Figuring out the holiday season

Employers should tread carefully and be inclusive, say experts
By Marcel Vander Wier
|Canadian HR Reporter|Last Updated: 12/12/2016
A greater focus on diversity and inclusion can make the Christmas season more of a challenge — but workplace celebrations are still worthwhile, say experts. Credit: Marcel Vander Wier

Immortalized in song as the “most wonderful time of the year,” in actuality the Christmas season can be a difficult scenario for employers to navigate through.

“The whole holiday season is a bit of a minefield,” said Stuart Rudner, employment lawyer at Toronto’s Rudner MacDonald. “Whether it’s allegations that you’re disrespecting some people by not acknowledging their holidays, or the holiday party itself… a lot of organizations have learned from other people’s mistakes.”

Holding staff parties in late December can be used to celebrate organizational accomplishments and the hard work employees have logged throughout the year. Yet, troubles remain in terms of office etiquette surrounding Christmas decorations, toy drives or employee gift exchanges.

So, what is the best practice for organizations?

“There is no formula,” said Joenita Paulrajan, program manager at the University of British Columbia’s Centre for Intercultural Communication in Vancouver. “What works for one team, unit or organization may not work for another.”

“The way we see it — this is an opportunity. It’s not just to check a box and say, ‘We did a toy drive.’ But, rather, this is an opportunity. ‘Let’s get together as a team. Let’s try to grow our culture of belonging.’”

Inclusivity favoured

Corporate holiday traditions vary in Canada, depending on geographic location, said Pierre Battah, a management consultant specializing in human resources in Moncton, N.B.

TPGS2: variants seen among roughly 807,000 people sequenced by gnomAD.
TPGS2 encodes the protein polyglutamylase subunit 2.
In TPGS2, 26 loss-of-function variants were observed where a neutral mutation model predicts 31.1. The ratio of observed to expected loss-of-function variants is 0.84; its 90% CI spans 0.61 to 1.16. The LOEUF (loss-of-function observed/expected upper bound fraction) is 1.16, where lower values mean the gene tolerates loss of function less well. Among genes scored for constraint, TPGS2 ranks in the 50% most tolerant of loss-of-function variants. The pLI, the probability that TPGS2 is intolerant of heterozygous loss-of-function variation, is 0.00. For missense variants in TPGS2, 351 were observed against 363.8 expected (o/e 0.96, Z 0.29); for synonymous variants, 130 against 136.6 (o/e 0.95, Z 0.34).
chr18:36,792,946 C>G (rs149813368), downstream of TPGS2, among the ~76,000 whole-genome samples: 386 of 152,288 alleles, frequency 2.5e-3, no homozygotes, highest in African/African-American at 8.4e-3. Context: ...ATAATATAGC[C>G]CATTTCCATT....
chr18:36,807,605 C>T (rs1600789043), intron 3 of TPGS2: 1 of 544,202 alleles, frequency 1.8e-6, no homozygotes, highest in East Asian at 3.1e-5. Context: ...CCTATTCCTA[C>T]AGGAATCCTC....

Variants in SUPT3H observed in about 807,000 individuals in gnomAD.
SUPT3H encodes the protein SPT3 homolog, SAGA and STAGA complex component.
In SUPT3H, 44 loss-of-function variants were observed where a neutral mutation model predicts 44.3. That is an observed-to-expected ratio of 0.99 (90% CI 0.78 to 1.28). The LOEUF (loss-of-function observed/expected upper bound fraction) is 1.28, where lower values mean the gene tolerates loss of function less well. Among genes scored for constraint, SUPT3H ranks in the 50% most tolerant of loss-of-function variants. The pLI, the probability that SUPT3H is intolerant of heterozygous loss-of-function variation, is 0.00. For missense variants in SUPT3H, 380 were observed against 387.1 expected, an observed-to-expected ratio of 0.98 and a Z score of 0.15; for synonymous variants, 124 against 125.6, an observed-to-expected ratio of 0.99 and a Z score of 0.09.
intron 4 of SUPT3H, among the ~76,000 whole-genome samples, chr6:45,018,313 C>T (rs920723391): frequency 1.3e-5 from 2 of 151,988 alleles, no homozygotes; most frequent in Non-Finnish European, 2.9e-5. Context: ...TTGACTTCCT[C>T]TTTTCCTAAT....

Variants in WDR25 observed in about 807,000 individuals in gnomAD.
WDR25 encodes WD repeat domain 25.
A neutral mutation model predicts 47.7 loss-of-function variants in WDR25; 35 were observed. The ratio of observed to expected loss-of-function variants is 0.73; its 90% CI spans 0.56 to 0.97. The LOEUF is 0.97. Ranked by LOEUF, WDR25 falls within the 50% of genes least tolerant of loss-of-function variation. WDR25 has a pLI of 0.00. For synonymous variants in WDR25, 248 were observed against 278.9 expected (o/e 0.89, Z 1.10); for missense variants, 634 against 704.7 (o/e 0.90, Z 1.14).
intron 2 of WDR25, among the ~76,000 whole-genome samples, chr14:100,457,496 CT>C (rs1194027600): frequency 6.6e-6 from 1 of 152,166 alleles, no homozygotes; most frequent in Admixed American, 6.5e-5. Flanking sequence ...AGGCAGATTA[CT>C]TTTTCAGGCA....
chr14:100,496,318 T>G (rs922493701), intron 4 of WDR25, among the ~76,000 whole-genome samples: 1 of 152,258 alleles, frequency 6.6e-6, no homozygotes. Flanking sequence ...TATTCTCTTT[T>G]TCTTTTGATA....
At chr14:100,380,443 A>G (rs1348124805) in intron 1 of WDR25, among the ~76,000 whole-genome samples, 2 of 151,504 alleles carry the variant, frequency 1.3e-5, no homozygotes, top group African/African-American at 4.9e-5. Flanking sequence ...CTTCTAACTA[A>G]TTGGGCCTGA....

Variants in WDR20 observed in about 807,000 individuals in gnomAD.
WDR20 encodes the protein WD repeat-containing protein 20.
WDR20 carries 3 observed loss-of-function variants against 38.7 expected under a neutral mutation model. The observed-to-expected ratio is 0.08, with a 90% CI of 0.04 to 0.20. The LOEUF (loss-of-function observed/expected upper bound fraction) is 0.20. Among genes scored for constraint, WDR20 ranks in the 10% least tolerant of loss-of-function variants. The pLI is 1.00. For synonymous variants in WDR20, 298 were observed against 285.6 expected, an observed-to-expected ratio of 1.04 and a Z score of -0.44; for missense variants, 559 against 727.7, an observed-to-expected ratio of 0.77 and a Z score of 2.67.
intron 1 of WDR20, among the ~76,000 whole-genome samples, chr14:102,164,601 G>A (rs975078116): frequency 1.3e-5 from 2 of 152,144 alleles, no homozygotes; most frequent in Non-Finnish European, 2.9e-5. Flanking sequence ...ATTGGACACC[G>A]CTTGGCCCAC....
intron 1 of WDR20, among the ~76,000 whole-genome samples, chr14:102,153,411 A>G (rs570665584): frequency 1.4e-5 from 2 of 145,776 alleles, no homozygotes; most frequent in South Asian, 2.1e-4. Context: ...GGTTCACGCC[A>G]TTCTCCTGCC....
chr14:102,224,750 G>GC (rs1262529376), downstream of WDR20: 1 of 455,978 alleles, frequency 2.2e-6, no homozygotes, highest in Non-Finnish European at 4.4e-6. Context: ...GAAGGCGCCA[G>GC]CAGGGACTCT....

Companies typically fall into three categories, he said: Christmas traditionalists, holiday inclusionists, and those migrating back to the traditional Christmas party.

“This is about being representative to your audience,” said Battah. “Best practice is to be representative of your people. Employers should be sensitive and appropriate to the makeup of their staff.”

“Some employers were never quite concerned with ‘de-Christmasing’ their events,” he said, and an end-of-year celebration on Prince Edward Island, for example, would likely be a traditional Christmas gathering — which is acceptable if the workforce is unicultural.

Meanwhile, organizations in major urban centres favouring inclusivity have moved to a more secular holiday atmosphere, hosting year-end celebrations that focus on collaborative volunteer work rather than gifts or service awards, said Battah.

While not necessarily “all Christmas, all the time,” the third group includes those who have once again set up a Christmas tree after leaving it in the box for the past few years, he said.

People are becoming more comfortable with acknowledging multiple religious holidays, rather than excluding “Merry Christmas” greetings and decorations altogether, said Simma Lieberman, a San Francisco-based diversity consultant.

“It’s important for people to understand that not everybody celebrates Christmas and that there are other holidays,” she said. “On the other hand, what I tell people now is: ‘If you don’t celebrate Christmas and someone says ‘Merry Christmas,’ say ‘Merry Christmas’ back. Don’t freak out.’”

Alongside employee diversity, clients and customers should also be taken into account when decorating the office for the holidays, said Paulrajan.